Truth is, this case is a mess and will not improve anytime soon. Japan will most likely again circle the wagons.

Interestingly, this now puts Japan and their efforts to gain support "to bring the abductees home" and its position as a victim of kidnappings (which Japan actually is) in a very different and pretty uncomfortable light.

Well, double standards can only be kept up for so long, I guess...

0 ( +4 / -4 )

itsonlyrocknrollToday  05:30 pm JST

Antiquesaving, I think we need to review the Hague convention and it limitations......

Is it time for the 1980 Hague Convention to be revised?

Before revising the Hague convention perhaps Japan should bring it's laws and archaic views on custody ( not to mention child support etc...) In to the 20th century?

It may be to much for it to leap from the 19th century to 21st

-4 ( +4 / -8 )

itsonlyrocknrollToday  05:10 pm JST

I think you failed to see the point.

My divorce was not the problem.

Custody was never a problem nor were my ex-wife's visitation.

The entire problem regarding the children was 100% due to the Japanese society!

I and my ex-wife came very quickly to and agreement regarding the children.

It was the Japanese powers like daycare, elementary school, teachers, social workers, even city officials that had a problem with our arrangement.

The idea that my ex-wife (AKA the children's mother) could actually see the children was already more than they could handle, but even worse was that she could drop them off or pick them up from school nearly gave them all a stroke!

I was regularly told to cut off the mother, that having a dual parenting arrangement was "bad" for the children.

Again being a Gaijin it was easy for me to tell these people where they could put their archaic views.

But under suck pressure I can easily see a Japanese fall in line and do as the school, city, social workers say.

0 ( +7 / -7 )

Fresh Prince of JapanToday 03:27 pm JST

As in many other issues, Japan prefers to wait and to turn the head to the other side.

For this Japanese woman and her lawyer to wait it out and doing nothing is clearly the best way to go. For them it's all about to object and delay. During this time he will not be able to meet his children.

Without any amicable agreement between father and mother this case can go on over many years from now on, even decades, until laws are changed and/or the Japanese Supreme Court will offer a final decision which has to be respected within Japan.

His children might even be adults already at that time and the case will be discontinued.

2 ( +2 / -0 )

The deal breaker, a Franch court has no mechanism to enforce it.

The France Government would have to prove child abduction to secure a world wide arrest warrant.

3 ( +3 / -0 )

Antiquesaving, I think we need to review the Hague convention and it limitations......

Is it time for the 1980 Hague Convention to be revised?

https://www.familylaw.co.uk/news_and_comment/Is-it-time-for-the-1980-Hague-Convention--to-be-revised

The removal or retention of a child across an international border is considered “wrongful” if the removal or retention took place without the consent of the left behind parent and it has interfered with the exercise of that parent’s rights regarding the child.

That is a serious legal nut to crack in the case of Vincent Fichot allegations. Since the couple have not officially divorced.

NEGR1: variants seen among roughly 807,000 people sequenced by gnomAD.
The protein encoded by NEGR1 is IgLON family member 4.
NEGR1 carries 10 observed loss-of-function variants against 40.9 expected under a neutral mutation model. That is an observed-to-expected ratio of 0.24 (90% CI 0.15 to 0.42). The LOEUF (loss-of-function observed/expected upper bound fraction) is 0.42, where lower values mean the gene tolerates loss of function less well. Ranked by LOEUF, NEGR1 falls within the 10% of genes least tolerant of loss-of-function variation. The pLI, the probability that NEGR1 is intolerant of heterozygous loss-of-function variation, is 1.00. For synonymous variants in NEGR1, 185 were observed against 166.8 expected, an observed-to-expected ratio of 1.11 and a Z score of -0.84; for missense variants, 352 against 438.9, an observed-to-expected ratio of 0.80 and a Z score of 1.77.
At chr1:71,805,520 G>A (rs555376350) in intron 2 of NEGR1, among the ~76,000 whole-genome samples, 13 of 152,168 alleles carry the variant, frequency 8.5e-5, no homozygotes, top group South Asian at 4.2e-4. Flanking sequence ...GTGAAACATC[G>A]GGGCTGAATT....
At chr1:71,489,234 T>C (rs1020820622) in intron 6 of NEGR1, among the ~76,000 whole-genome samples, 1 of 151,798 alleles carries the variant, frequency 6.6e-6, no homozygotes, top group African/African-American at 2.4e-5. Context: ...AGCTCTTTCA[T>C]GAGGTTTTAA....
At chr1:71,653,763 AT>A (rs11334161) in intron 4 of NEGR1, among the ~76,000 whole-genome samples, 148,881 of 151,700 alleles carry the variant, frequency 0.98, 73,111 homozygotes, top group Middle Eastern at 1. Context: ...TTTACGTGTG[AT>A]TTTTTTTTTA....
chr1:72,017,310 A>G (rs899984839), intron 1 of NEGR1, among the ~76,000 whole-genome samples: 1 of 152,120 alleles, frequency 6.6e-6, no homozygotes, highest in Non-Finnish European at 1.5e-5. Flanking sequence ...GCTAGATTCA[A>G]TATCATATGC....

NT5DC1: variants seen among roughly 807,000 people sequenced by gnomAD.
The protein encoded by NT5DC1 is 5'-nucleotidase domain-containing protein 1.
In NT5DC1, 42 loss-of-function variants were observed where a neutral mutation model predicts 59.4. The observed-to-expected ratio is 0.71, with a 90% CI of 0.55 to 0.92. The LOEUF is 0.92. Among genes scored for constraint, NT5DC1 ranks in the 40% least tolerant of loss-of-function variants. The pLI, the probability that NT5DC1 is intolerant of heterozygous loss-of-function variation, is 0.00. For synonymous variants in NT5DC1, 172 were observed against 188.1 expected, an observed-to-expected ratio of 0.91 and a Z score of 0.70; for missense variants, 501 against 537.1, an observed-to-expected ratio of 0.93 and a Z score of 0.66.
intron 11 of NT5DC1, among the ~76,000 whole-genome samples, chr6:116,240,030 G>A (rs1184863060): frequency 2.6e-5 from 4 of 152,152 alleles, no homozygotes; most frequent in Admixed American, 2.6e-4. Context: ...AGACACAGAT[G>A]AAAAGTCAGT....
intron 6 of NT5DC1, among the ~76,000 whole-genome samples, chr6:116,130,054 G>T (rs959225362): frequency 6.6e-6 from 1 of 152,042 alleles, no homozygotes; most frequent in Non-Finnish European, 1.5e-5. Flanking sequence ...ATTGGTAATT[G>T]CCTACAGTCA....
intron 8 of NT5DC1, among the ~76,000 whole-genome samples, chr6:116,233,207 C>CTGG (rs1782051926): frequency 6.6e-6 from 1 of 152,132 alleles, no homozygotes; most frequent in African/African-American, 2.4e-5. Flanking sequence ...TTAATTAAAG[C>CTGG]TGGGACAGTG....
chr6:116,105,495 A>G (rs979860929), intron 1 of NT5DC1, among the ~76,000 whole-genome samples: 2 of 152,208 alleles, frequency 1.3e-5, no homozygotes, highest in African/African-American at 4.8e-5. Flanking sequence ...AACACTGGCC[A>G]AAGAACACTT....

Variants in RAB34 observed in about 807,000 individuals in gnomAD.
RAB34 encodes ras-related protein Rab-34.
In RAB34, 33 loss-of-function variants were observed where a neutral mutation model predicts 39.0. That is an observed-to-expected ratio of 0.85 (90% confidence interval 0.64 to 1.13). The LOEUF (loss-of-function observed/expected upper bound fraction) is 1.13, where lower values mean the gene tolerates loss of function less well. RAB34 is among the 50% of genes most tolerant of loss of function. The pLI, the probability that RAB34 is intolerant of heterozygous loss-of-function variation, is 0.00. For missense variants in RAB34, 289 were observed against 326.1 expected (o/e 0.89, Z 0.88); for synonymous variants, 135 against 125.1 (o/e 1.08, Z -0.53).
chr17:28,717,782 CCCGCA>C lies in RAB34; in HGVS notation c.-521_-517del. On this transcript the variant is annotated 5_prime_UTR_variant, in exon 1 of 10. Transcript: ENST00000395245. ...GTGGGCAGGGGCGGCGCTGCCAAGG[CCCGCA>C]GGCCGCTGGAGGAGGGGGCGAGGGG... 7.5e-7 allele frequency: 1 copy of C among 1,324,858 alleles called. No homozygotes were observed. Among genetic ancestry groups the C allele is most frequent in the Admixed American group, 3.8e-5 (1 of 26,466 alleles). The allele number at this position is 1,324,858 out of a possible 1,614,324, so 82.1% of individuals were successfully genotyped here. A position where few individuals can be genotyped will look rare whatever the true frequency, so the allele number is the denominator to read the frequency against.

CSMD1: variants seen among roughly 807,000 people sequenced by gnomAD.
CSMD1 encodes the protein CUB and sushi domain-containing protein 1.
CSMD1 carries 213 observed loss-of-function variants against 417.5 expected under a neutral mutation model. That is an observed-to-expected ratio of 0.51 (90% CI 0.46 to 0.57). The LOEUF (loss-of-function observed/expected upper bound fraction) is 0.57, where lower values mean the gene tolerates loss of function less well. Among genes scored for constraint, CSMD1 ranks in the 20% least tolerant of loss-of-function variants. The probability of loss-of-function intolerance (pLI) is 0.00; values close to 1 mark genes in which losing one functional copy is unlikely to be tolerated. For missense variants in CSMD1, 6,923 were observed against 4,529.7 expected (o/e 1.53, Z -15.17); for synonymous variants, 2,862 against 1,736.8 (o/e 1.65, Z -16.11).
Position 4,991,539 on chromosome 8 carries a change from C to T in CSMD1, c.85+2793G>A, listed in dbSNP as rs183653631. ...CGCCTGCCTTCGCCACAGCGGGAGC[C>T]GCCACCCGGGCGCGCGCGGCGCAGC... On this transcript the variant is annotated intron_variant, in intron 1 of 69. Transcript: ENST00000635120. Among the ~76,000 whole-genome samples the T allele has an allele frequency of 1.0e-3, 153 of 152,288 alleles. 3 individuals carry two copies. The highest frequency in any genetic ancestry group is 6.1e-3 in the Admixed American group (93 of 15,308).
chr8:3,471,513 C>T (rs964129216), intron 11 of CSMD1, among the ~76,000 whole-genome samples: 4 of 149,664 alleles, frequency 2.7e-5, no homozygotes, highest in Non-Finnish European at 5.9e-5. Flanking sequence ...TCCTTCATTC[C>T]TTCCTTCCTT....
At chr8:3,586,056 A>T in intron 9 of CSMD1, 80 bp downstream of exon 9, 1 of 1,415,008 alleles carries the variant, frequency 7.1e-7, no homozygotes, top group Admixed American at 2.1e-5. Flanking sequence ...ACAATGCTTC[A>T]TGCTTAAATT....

0 ( +2 / -2 )

This sort of thing just makes the Japanese dig their heels in even more. It won’t make any difference, sadly. Same with complaining about whaling; counterproductive.

no international pressure forces Japan to change, they've already sighed the Hauge convention on child abductions, as for whaling they gave up on Antartica and just do it in theyre own waters now.

0 ( +2 / -2 )

Antiquesaving, I think as individuals, we can view and debate/opinionate until we are blue in the face.

France issues arrest warrant over Japan 'parental kidnap'

https://www.bbc.com/news/world-asia-59474807

This is political posturing for a domestic audience.

We all should be aware of the difference between a EU member state issuing a domestic arrest warrant.

An Interpol international arrest warrant, essentially a red notice.

A Interpol Red Notice is a request to law enforcement worldwide to locate and provisionally arrest a person pending extradition, surrender, or similar legal action. It contains two main types of information: ... Information related to the crime they are wanted for, which can typically be murder, rape, child abuse or armed robbery.

This situation should not be confused with child abduction. It simply isn't

I am glad you managed to solve your own divorce, I think you then have an understand as to my point that divorce is not a generic process.

Family courts must without prejudice make decisions that won't necessarily provide as solution to all parties.

1 ( +3 / -2 )

That’s looking like it’s not at all about or for the well being of the children but rather more for the parents’ two own egos and drawing widespread international attention or becoming anyhow famous everywhere quickest possible. What comes next, a YouTube channel, campaign at change.org and biggest possible crowdfunding or a series of book publications?

0 ( +2 / -2 )

Christopher J. ThomasToday 02:50 pm JST

Japan will always side with the woman from domestic disputes,

But I am not putting money in her hands. NEVER!

I am the one that has to leave the apartment in my name.

Japan needs to seriously update the laws here.

Every story has two side and we should listen to both sides.

You mention you are from USA, I hear you but how is this what happened to you in Japan so different from your own country? In the States, family courts are not known be be father-friendly at all, ask men how many of them had to move out from their own house after divorce and if you don't pay obligatory child support directly to the mother on time - regardless if you can see your children or not - you might be arrested and spend a while in jail. Additionally you will be subject to pay alimony to your ex-wife.